Certain populations of patients have more access to or higher use of diagnostic tests. Higher rates of testing will result in more diagnoses being made, which can make a diagnosis appear more prevalent in certain populations even if it is not.
For example, when comparing rates of hypercholesterolemia between an impoverished inner city population and a rich suburban population, a direct comparison of current diagnoses may not be fair because an imbalance in the rate of access to primary care could bias the rate of diagnosis.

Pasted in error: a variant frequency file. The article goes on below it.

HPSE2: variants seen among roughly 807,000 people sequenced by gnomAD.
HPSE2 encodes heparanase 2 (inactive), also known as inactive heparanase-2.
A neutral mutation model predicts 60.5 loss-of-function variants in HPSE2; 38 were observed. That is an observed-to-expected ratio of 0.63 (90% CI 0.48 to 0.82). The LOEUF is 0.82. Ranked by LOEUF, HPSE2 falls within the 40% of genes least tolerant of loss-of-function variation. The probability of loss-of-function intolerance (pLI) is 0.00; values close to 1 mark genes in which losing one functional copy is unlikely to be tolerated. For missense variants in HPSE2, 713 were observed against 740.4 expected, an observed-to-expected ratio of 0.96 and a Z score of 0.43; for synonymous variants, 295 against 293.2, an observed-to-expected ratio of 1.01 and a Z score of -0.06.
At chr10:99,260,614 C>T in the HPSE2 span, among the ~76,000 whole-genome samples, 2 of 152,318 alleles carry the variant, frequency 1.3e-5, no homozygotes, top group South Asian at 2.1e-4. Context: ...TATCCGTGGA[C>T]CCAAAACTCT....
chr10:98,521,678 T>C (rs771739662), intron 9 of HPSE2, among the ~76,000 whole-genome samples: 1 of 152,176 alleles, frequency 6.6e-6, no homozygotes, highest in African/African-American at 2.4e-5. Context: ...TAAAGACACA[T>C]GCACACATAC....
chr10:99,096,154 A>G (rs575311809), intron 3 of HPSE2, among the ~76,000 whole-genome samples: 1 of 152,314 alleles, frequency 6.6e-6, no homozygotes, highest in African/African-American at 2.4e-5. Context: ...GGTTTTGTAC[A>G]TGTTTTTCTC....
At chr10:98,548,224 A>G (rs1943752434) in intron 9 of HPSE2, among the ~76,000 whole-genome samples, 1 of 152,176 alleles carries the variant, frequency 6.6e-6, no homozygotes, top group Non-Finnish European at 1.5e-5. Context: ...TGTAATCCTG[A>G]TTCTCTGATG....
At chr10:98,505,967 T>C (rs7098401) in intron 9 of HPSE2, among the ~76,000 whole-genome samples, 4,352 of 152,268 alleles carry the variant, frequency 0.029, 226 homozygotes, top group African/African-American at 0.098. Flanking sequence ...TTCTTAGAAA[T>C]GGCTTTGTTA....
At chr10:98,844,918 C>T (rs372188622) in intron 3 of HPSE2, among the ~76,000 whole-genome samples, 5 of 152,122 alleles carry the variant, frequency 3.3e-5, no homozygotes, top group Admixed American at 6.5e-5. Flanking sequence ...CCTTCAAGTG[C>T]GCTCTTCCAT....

Diagnostic access bias is a type of selection bias.
This post is part of a series of posts on bias in medical research. You can find the whole bias catalogue here.